Cracking the Insidious Code: Part 1, Review of John Piper’s Desiring God

Review of Piper’s Desiring God

Michael Butler explains the reason for his review. He writes in a discussion on Facebook:

‘Oddly enough I have never read Piper until after I graduated from TMS [The Master’s Seminary]. Now that I have been in the pastorate I have experienced the most troubling situations in communicating the gospel with young people. The difficulty comes from a perversion within the doctrine of God’s Love. After researching what most of the young people had in common, I found a tie to Piper’s Desiring God. I originally asked the same question as you, why now after 30 plus years? Why haven’t the leading pastors of the past 30 years dealt with this book? I don’t know. What I do know is that I have been handed the responsibility to deal with the book for the sake of those in my flock and the salvation of many souls.’

Butler understands the cost of contending for the gospel. He writes: ‘I am deeply grieved in my heart to write this post as I am most certainly sure I will not only suffer the cost of exposing a man who is considered by many to be orthodox and thoroughly Reformed, but I anticipate that I will also suffer the loss of friendships as the same man is loved by the masses of Christian young people everywhere. It goes without saying that John Piper is a very noteworthy man.’

Butler starts his review by identifying four principles of engagement:

‘The first principle, Piper openly admits he wrote Desiring God “to be a philosophy of life that he believes is biblical” (23-24). Piper’s statement is crucial to the cautious Christian reader as there is a strong warning from Scripture regarding the dangers of philosophy. Furthermore, can one trust what a man believes to be true and therefore read his book without a critical eye?’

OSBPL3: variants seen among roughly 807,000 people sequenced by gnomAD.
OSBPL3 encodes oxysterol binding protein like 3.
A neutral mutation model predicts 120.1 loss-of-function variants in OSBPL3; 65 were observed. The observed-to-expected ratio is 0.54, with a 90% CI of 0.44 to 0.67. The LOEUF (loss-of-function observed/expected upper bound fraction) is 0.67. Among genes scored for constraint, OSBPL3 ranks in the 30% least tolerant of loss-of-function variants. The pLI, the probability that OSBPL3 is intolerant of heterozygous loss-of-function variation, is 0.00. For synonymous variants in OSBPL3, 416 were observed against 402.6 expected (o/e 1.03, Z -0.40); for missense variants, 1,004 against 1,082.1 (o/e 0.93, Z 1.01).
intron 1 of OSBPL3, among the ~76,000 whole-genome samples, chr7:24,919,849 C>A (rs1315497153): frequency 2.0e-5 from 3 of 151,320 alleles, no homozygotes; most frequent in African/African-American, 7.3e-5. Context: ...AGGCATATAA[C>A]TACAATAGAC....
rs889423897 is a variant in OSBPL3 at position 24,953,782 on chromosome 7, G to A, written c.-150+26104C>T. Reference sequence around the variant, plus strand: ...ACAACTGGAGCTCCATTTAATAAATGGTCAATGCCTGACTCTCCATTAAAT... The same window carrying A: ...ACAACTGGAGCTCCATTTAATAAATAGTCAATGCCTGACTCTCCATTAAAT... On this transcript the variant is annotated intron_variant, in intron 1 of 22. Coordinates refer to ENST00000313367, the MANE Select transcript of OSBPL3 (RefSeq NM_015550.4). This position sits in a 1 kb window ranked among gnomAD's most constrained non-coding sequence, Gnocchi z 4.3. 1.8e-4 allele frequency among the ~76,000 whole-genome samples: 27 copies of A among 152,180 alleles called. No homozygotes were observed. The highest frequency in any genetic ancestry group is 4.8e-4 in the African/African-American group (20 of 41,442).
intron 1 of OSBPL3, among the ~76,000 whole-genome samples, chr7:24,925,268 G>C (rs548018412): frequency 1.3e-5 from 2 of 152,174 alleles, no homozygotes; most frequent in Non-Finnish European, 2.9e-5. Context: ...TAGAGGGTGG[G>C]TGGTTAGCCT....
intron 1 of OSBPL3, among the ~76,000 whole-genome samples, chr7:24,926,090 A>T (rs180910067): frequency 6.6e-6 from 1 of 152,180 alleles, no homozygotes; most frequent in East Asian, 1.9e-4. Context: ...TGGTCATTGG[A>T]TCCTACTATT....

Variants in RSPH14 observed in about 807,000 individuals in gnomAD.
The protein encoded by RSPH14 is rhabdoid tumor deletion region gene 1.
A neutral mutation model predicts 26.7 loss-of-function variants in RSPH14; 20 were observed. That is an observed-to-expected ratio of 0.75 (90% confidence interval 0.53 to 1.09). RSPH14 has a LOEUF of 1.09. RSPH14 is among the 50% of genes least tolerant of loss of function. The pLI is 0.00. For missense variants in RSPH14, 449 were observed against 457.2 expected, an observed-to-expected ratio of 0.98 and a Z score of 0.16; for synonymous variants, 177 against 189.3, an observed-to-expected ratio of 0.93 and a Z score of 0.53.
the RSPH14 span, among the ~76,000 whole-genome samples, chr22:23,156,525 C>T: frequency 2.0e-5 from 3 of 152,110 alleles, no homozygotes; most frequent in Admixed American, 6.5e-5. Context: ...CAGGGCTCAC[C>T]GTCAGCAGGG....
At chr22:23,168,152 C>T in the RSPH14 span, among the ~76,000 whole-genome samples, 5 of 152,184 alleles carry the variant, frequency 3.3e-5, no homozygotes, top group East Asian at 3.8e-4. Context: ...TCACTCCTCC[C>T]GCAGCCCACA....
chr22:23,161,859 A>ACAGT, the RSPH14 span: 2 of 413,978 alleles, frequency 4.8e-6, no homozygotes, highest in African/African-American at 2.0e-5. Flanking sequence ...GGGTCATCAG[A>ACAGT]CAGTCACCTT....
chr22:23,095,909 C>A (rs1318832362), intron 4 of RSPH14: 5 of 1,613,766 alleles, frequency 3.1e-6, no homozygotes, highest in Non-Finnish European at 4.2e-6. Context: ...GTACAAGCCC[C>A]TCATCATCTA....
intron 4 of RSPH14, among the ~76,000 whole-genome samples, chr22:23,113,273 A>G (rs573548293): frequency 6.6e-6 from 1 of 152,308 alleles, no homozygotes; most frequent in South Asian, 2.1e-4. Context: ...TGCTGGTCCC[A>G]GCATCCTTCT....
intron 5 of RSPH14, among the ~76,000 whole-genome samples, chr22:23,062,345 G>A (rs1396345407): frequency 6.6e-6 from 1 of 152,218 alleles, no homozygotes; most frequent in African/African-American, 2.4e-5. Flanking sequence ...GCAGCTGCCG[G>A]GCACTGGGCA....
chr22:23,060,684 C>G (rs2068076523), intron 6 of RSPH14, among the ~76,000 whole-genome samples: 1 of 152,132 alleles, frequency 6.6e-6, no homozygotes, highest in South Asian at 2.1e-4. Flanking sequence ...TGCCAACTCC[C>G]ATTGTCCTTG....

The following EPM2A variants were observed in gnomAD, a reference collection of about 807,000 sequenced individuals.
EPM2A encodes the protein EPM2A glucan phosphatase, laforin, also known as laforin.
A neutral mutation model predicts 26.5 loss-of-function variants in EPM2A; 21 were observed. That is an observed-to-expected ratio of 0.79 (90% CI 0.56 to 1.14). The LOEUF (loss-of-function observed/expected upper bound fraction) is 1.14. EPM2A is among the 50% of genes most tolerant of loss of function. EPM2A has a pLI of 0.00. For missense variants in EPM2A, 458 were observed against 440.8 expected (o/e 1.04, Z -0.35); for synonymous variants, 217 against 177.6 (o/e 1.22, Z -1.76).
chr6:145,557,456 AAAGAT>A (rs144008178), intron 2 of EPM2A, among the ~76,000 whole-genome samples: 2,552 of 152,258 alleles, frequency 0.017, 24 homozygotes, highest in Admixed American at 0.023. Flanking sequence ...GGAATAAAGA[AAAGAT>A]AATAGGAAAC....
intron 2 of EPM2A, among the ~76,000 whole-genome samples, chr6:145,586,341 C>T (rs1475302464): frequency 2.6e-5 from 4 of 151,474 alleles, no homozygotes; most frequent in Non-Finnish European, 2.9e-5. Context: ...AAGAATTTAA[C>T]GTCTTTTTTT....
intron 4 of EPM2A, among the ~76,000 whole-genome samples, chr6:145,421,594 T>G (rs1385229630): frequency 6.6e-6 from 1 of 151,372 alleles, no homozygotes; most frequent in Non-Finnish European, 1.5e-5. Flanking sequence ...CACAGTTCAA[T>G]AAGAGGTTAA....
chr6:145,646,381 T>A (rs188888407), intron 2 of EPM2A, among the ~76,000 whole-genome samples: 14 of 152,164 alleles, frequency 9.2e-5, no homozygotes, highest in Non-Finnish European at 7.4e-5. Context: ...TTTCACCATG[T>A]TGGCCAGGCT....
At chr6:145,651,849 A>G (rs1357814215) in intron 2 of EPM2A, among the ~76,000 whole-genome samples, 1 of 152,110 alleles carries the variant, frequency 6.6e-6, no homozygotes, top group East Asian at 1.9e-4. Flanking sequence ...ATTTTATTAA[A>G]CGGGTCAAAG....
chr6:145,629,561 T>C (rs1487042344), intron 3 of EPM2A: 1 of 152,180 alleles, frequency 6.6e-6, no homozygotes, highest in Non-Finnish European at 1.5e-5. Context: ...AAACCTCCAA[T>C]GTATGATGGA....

‘Second principle, Piper asserted “In short, I am a Christian Hedonist not for any philosophical or theoretical reason, but because God commands it (though He doesn’t command you to use these labels!)” (25). While it seems that Piper contradicts himself in the introduction, it would be a good idea to ask the question, does God command believers to be a Christian Hedonist?

If God doesn’t command me by using the labels Piper employs, how can I know God has commanded me to be a Christian Hedonist? God is not ambiguous.’

‘The third principle, any good book will provide a simple definition up front on the topic being discussed and then demonstrate its truth. Typically, this is referred to as a thesis. A simple thesis statement tells the reader what the author is striving to prove. But Piper does not believe telling the reader what he is thinking up front is the best way to go. For example, Piper said:

“Fresh ways of looking at the world…do not lend themselves to simple definitions. A whole book is needed so people can begin to catch on…I would prefer to reserve a definition of Christians Hedonism until the end of the book when misunderstandings would have been swept away”(27).

‘Fourth and final principle to be employed in this book is the use of systematic theology to understand the book through the biblical lens. The previous three principles demonstrate a high probability of error being contained in Piper’s book. Furthermore, a high probability of Piper purposely leading his reader astray exists as his book is a philosophy, not a theology. In order to pass through the Christian reader’s judgment without being detected, Piper must utilize a form of writing that appears to include a biblical argument while at the same time prevents the reader from detecting the philosophical contradictions.

After reviewing the book, this author was able to detect a system of communication that made it difficult for the error within the book to be detected. A form of philosophical argumentation known as recursive logic is utilized in the writing style of the book.

Simply stated, Piper’s argumentation works by asking of his reader to at first give up a little grain of truth in chapter one and then to give two grains of truth in chapter two and so on until the end of the book. By the time the reader arrives at the end, he has given up more truth to Piper than he has realized. In fact, the reader has left the boundaries of Scripture and can no longer discern truth from error.’

Published on Pulpit & Pen

Read full article of Michael Butler’s review part 1